Comments about technological history, system fractures, and human resilience from James R. Chiles, the author of Inviting Disaster: Lessons from the Edge of Technology (HarperBusiness 2001; paperback 2002) and The God Machine: From Boomerangs to Black Hawks, the Story of the Helicopter (Random House, 2007, paperback 2008)

Sunday, November 17, 2013

Wrapping Up: In-Flight Skin Failure on Boeing 737, April 2011

Incident: Portion of Boeing 737's upper fuselage skin (about eight by 60 inches) blew out at 34,000 feet during a scheduled flight on April 1, 2011. Original post on Disaster-Wise is here. (Photo, NTSB)

Location: Southwest Flight 812 was enroute from Phoenix to Sacramento when a portion of fuselage skin blew out, causing rapid decompression. Airplane made an emergency descent and landed safely at Yuma, AZ.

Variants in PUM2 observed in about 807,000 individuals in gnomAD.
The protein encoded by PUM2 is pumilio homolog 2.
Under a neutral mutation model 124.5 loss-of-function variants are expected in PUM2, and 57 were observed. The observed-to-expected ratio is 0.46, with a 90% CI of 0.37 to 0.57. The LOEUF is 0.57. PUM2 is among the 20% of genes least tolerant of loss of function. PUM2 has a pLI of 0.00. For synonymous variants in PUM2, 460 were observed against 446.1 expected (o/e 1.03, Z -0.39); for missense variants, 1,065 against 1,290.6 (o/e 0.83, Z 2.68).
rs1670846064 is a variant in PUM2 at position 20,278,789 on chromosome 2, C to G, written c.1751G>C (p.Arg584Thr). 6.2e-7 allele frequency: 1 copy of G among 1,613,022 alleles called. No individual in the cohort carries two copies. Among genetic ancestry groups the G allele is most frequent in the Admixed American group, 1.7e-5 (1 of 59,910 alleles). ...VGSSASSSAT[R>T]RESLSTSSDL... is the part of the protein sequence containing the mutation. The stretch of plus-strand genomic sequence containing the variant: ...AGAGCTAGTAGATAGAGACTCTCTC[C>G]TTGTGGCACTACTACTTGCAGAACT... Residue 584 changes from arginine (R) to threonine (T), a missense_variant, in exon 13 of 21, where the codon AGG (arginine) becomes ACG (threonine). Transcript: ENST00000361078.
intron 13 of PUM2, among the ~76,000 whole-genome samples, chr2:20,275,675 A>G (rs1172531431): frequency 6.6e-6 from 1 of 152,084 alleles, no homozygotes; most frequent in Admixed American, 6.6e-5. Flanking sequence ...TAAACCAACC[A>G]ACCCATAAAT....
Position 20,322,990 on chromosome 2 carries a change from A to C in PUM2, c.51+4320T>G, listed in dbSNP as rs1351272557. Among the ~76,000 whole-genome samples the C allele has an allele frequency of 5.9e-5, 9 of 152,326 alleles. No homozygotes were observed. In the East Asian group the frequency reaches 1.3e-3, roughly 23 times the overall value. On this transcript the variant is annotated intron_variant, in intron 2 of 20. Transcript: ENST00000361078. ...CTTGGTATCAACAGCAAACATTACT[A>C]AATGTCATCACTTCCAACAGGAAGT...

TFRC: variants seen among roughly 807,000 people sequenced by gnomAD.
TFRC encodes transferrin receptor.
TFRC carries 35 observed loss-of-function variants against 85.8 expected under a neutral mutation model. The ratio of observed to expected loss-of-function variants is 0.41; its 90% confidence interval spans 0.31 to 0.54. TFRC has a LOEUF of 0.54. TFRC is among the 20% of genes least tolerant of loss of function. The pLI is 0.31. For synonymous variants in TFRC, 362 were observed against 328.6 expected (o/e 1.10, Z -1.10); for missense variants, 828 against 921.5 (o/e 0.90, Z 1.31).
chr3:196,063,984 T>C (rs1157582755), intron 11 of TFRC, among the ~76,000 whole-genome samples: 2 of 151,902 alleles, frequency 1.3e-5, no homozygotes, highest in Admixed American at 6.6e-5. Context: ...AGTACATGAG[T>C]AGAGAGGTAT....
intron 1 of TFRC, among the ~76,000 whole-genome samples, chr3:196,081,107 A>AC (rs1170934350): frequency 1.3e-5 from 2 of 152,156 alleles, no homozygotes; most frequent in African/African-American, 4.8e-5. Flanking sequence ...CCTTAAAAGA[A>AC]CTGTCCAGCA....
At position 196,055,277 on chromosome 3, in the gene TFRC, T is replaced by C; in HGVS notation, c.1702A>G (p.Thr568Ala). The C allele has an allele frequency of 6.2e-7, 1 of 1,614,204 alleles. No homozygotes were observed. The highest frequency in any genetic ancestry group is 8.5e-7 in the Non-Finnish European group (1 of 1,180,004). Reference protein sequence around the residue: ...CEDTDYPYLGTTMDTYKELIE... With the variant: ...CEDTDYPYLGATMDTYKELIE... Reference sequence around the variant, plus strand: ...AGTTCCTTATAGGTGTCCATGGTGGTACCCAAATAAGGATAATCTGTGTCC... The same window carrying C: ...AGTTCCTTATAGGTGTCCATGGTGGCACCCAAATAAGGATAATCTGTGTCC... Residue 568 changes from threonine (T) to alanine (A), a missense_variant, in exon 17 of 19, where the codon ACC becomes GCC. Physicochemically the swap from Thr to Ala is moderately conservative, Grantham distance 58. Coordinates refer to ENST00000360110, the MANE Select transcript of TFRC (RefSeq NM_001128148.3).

Effects: Two injured: one passenger, one employee. (Due to delay in donning oxygen mask, a flight attendant fell unconscious while standing.)
Final report: The NTSB's probable cause report, published September 2013, is linked here.
Probable cause: Flaw during manufacturing, causing failure along rivet lines. Forensic examination of the fatigue fracture indicated that the "fuselage crown skin panel" involved had been attached at a Boeing factory, and then removed for rework before the airplane was delivered. Poor joining techniques at the factory during this rework (eg, oversized holes and poor riveting), followed by thousands of pressurization cycles, led to micro-fractures and failure. Due to the passage of time, documentation was no longer available from Boeing to show exactly how, or at which facility (Wichita KS or Renton WA), the error happened.

Lessons: (1) Need for better quality control when rework is done in the factory. (2) Aircrew should don their oxygen masks at the first sign of depressurization, rather than attempting to carry out other emergency duties first. This is because loss of consciousness can come very quickly.

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